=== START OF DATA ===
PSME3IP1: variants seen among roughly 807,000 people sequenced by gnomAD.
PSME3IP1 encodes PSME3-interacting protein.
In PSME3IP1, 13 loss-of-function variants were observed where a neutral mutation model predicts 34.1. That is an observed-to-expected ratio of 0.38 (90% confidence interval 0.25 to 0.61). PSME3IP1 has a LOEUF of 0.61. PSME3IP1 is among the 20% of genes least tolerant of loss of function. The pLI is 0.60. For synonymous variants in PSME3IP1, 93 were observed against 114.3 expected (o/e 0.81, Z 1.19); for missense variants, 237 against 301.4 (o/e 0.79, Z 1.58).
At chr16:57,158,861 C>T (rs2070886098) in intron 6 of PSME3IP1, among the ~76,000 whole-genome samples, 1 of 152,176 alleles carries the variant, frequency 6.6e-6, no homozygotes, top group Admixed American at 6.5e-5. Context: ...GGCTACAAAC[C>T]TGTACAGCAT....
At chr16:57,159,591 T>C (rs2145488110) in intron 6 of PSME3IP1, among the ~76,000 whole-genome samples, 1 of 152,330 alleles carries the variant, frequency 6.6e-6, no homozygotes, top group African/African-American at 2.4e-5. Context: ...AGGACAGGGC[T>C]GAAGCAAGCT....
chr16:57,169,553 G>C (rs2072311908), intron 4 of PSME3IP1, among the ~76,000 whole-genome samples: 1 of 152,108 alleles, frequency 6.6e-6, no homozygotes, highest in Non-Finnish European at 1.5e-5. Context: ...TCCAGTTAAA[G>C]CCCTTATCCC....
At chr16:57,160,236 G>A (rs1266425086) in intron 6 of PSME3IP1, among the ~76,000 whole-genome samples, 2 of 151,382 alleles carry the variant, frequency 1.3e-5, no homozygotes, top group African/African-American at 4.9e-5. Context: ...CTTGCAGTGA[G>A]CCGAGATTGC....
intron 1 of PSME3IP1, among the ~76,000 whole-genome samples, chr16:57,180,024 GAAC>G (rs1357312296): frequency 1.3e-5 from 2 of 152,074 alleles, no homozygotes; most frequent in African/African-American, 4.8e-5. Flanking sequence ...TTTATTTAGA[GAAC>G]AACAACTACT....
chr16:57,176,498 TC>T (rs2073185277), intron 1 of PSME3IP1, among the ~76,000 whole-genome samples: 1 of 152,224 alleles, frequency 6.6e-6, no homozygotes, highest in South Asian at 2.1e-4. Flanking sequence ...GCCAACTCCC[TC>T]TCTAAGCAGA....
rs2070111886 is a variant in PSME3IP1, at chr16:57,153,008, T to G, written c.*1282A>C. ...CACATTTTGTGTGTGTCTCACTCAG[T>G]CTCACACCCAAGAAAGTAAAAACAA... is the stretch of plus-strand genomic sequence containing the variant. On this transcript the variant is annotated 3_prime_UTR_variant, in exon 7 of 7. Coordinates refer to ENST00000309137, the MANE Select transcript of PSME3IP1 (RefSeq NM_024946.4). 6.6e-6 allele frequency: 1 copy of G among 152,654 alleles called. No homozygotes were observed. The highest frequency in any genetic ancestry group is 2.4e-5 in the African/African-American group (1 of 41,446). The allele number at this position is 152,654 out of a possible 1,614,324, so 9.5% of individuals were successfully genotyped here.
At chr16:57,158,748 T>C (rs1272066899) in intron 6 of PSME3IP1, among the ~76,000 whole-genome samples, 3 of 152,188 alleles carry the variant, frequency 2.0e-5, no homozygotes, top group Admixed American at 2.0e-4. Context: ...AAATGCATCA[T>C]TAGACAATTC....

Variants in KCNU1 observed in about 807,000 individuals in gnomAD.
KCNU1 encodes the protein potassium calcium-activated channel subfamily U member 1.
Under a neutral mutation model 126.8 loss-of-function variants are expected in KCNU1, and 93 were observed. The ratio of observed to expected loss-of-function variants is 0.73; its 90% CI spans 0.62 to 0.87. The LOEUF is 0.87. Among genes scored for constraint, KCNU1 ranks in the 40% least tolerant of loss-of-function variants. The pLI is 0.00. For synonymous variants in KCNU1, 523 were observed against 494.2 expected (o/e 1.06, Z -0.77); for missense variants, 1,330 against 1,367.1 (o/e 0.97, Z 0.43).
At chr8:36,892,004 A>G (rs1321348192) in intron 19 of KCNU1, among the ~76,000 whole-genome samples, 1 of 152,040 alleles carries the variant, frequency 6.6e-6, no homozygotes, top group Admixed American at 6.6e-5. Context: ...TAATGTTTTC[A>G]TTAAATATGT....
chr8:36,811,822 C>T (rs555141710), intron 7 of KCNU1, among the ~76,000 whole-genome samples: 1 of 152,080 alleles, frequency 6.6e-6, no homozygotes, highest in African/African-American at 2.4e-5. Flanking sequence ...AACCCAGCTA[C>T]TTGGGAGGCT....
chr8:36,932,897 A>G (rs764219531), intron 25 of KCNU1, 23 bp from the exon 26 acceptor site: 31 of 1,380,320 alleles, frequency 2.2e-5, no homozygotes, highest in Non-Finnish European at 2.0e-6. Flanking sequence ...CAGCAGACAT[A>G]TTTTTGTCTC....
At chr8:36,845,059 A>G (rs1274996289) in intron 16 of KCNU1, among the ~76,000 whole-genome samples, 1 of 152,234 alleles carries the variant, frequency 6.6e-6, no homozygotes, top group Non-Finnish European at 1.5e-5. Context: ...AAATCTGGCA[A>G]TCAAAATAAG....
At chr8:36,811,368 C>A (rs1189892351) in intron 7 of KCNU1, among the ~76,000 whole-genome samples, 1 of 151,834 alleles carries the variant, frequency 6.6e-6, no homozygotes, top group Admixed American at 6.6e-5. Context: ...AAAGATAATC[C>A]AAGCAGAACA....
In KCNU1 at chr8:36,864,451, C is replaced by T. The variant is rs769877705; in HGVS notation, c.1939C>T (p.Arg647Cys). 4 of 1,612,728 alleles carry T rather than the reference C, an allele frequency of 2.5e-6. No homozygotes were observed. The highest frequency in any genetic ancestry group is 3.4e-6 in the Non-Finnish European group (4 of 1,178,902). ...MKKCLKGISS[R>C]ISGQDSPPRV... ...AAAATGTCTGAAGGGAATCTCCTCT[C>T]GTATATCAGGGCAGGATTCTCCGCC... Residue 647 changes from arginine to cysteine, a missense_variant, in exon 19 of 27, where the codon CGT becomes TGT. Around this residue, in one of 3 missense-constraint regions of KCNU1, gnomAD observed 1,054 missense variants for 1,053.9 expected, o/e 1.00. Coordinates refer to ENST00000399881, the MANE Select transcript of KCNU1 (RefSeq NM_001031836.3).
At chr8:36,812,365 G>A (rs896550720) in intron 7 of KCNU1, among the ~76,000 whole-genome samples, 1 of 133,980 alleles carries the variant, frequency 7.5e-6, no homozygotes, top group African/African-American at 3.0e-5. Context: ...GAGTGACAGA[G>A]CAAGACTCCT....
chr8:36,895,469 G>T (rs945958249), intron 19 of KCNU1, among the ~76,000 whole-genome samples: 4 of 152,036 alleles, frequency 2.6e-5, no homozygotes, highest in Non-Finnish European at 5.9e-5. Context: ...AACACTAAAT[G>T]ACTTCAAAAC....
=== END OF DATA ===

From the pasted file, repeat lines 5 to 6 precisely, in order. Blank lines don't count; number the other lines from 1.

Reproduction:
At chr16:57,159,591 T>C (rs2145488110) in intron 6 of PSME3IP1, among the ~76,000 whole-genome samples, 1 of 152,330 alleles carries the variant, frequency 6.6e-6, no homozygotes, top group African/African-American at 2.4e-5. Context: ...AGGACAGGGC[T>C]GAAGCAAGCT....
chr16:57,169,553 G>C (rs2072311908), intron 4 of PSME3IP1, among the ~76,000 whole-genome samples: 1 of 152,108 alleles, frequency 6.6e-6, no homozygotes, highest in Non-Finnish European at 1.5e-5. Context: ...TCCAGTTAAA[G>C]CCCTTATCCC....